I rub the slippery surface of my dorm lobby’s couch. “Look, the thing is, I just don’t trust-,”
“Why don’t you?” my friend asks. “What’s the difference? If you do nice things, then you’re a nice person.”
“I disagree,” I say. Midnight nears, and this starts to look like one of those late night college conversations, the ones that rob me of sleep – and sometimes, sanity. “You have to look deeper.”
“Why though?” she prods. “Either way, the nice action or whatever is accomplished. Does it matter what the person’s motivation is? Wouldn’t it be annoying to always distrust people?”
Well, I think, as I smile and nod and agree to disagree, I officially don’t trust you. Or your family. Or your family’s cow. If your family even owns a cow… Continue reading
This topic – whether students should receive payment for obtaining good grades – came up in my Psychology class a few months ago, and it got me thinking.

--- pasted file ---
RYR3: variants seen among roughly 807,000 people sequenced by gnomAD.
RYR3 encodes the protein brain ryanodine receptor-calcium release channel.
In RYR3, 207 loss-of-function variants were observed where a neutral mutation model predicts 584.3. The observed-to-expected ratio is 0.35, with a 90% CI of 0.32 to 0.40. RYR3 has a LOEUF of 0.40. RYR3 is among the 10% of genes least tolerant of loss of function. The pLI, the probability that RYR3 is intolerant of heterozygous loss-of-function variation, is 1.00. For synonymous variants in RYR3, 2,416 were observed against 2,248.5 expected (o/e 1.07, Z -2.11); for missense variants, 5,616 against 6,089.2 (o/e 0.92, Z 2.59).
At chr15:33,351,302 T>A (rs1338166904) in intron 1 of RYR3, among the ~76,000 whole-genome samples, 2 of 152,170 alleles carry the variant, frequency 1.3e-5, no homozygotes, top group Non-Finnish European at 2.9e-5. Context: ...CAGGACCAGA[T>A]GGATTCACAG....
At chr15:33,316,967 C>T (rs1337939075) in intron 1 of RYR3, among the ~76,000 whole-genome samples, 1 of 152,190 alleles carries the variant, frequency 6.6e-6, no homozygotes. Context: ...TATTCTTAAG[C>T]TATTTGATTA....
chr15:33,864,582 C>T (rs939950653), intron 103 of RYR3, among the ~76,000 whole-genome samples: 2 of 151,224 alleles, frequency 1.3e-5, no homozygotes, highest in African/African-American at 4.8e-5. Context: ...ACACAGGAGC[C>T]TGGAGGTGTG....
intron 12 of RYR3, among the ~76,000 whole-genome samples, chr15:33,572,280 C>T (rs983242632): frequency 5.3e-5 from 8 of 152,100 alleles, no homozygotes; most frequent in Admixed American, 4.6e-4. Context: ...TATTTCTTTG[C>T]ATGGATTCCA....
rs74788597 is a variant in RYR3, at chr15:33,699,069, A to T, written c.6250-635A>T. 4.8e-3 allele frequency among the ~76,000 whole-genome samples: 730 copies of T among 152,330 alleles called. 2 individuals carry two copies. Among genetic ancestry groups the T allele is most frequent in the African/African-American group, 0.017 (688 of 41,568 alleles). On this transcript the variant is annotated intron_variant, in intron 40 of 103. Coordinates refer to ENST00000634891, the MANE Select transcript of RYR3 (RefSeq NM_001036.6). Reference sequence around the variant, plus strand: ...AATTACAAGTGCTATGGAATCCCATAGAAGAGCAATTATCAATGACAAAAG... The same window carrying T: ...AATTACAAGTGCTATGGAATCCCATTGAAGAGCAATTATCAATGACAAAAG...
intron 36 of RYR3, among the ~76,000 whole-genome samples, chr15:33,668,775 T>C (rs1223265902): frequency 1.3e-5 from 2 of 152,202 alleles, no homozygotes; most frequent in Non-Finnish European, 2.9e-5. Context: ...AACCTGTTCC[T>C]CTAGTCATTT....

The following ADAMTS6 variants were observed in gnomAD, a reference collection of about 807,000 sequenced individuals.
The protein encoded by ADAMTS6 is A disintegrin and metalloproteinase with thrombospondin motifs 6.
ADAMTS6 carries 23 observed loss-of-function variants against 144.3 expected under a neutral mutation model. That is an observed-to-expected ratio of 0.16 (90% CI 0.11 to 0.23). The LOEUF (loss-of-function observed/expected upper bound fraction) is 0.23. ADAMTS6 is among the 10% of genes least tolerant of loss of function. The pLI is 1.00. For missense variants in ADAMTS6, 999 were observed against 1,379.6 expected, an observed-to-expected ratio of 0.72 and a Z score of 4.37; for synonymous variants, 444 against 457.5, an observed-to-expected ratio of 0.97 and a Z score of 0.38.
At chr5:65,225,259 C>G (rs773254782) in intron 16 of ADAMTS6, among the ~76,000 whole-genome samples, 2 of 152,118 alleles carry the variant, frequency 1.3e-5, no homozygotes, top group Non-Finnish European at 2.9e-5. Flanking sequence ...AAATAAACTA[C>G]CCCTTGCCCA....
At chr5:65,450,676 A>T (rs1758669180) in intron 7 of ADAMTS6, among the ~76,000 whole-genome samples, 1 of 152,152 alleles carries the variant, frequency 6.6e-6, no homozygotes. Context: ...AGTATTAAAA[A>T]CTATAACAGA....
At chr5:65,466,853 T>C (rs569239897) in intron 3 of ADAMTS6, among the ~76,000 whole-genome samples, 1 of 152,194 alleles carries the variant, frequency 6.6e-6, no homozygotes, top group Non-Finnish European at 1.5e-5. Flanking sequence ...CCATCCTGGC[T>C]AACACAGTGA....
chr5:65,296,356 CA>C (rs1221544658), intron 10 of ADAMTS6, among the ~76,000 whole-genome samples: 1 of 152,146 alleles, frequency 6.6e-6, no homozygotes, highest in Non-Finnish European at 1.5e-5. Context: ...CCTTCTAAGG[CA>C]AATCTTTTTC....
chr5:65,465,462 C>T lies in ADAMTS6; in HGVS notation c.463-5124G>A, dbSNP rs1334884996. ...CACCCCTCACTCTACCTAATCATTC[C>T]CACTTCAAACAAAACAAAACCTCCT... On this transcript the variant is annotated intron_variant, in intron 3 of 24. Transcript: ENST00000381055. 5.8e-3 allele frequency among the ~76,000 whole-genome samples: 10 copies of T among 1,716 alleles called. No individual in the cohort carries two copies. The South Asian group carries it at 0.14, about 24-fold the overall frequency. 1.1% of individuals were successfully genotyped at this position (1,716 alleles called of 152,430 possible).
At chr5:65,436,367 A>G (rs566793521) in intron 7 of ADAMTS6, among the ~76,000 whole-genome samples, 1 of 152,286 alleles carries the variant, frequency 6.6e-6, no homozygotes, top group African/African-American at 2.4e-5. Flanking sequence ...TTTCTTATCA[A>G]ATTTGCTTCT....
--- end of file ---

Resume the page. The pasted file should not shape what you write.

I’m not the brightest guy on the block, but when it comes to academics, I admit that I do decently. So if someone were to propose to me a plan in which I would receive money for my straight A’s and cash for my SAT score, why not? In this economy, any amount could go a long way. As a high school junior, college is coming up for me in a couple of years, and it’s not like the cost of tuition is becoming cheaper. But while one may be saving for future expenses by receiving money for their academic achievements, they could be losing something far more important in the process – their intrinsic motivation. Continue reading